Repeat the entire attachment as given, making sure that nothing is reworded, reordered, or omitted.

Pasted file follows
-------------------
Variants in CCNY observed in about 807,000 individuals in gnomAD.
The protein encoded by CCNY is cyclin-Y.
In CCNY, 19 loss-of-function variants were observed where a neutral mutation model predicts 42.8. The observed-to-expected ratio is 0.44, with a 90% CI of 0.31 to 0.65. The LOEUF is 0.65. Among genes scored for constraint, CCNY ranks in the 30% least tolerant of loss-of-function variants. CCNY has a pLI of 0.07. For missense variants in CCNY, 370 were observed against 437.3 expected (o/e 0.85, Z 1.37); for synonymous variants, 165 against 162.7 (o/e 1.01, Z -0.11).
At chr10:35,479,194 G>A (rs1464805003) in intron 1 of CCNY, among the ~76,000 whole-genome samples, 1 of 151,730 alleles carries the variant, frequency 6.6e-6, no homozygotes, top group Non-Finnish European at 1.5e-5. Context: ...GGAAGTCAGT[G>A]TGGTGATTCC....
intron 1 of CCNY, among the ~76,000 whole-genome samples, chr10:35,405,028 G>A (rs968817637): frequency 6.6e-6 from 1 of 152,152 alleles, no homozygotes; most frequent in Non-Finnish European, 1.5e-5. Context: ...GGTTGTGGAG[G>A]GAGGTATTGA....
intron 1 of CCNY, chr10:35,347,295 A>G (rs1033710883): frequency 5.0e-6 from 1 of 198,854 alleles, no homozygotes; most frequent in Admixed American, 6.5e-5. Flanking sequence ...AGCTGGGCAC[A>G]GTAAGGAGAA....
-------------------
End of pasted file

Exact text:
Variants in CCNY observed in about 807,000 individuals in gnomAD.
The protein encoded by CCNY is cyclin-Y.
In CCNY, 19 loss-of-function variants were observed where a neutral mutation model predicts 42.8. The observed-to-expected ratio is 0.44, with a 90% CI of 0.31 to 0.65. The LOEUF is 0.65. Among genes scored for constraint, CCNY ranks in the 30% least tolerant of loss-of-function variants. CCNY has a pLI of 0.07. For missense variants in CCNY, 370 were observed against 437.3 expected (o/e 0.85, Z 1.37); for synonymous variants, 165 against 162.7 (o/e 1.01, Z -0.11).
At chr10:35,479,194 G>A (rs1464805003) in intron 1 of CCNY, among the ~76,000 whole-genome samples, 1 of 151,730 alleles carries the variant, frequency 6.6e-6, no homozygotes, top group Non-Finnish European at 1.5e-5. Context: ...GGAAGTCAGT[G>A]TGGTGATTCC....
intron 1 of CCNY, among the ~76,000 whole-genome samples, chr10:35,405,028 G>A (rs968817637): frequency 6.6e-6 from 1 of 152,152 alleles, no homozygotes; most frequent in Non-Finnish European, 1.5e-5. Context: ...GGTTGTGGAG[G>A]GAGGTATTGA....
intron 1 of CCNY, chr10:35,347,295 A>G (rs1033710883): frequency 5.0e-6 from 1 of 198,854 alleles, no homozygotes; most frequent in Admixed American, 6.5e-5. Flanking sequence ...AGCTGGGCAC[A>G]GTAAGGAGAA....